Just read 2 above and 4 below.

(e) taking into account the nature of the processing, assists the controller by appropriate technical and organisational measures, insofar as this is possible, for the fulfilment of the controller’s obligation to respond to requests for exercising the data subject’s rights laid down in Chapter III;

Chapter III is all about a user’s rights – right to be informed, right to access, right to rectification, right to erasure, right to restrict processing, right to data portability, right to object, rights in relation to automated decision making and profiling.

(f) assists the controller in ensuring compliance with the obligations pursuant to Articles 32 to 36 taking into account the nature of processing and the information available to the processor;

Again, all about the security of things and reporting data breeches. (Article 32, 33, 34, 35, and 36.)

(g) at the choice of the controller, deletes or returns all the personal data to the controller after the end of the provision of services relating to processing, and deletes existing copies unless Union or Member State law requires storage of the personal data;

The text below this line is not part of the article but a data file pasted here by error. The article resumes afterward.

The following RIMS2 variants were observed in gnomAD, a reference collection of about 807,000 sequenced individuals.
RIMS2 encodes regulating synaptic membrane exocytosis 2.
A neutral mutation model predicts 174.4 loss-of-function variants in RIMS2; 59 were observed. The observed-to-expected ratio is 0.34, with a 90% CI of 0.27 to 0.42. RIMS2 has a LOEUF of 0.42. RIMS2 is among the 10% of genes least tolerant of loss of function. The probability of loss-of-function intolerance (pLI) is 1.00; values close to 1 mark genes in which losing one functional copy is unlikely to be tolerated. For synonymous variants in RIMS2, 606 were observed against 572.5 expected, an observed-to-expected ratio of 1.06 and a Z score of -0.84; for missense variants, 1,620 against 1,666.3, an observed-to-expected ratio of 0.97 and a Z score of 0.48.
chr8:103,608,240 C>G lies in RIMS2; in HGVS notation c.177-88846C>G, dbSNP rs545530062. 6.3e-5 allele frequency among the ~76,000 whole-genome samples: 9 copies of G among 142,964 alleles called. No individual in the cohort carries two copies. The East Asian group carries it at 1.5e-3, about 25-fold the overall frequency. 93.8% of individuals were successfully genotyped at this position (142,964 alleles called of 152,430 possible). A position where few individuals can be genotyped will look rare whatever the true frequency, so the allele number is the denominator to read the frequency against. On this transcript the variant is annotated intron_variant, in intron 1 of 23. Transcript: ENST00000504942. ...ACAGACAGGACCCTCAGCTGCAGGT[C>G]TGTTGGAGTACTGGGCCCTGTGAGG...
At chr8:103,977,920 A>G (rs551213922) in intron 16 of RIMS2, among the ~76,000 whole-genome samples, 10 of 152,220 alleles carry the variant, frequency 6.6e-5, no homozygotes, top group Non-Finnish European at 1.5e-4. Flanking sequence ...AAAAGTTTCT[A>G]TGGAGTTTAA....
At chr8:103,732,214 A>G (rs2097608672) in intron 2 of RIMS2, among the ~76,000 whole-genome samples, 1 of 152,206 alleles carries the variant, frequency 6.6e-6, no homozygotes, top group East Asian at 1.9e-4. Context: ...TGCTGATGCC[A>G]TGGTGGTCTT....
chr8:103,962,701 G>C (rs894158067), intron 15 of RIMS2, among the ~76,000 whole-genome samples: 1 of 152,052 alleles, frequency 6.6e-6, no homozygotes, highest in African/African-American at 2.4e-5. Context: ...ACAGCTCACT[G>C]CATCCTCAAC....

(h) makes available to the controller all information necessary to demonstrate compliance with the obligations laid down in this Article and allow for and contribute to audits, including inspections, conducted by the controller or another auditor mandated by the controller.

Self-explanatory… but I’ve seen processor agreements which clarify costs will need to be covered by the client.

With regard to point (h) of the first subparagraph, the processor shall immediately inform the controller if, in its opinion, an instruction infringes this Regulation or other Union or Member State data protection provisions.

So, flag up where you think your client (the Controller) is being naughty.

4. Where a processor engages another processor for carrying out specific processing activities on behalf of the controller, the same data protection obligations as set out in the contract or other legal act between the controller and the processor as referred to in paragraph 3 shall be imposed on that other processor by way of a contract or other legal act under Union or Member State law, in particular providing sufficient guarantees to implement appropriate technical and organisational measures in such a manner that the processing will meet the requirements of this Regulation. Where that other processor fails to fulfil its data protection obligations, the initial processor shall remain fully liable to the controller for the performance of that other processor’s obligations.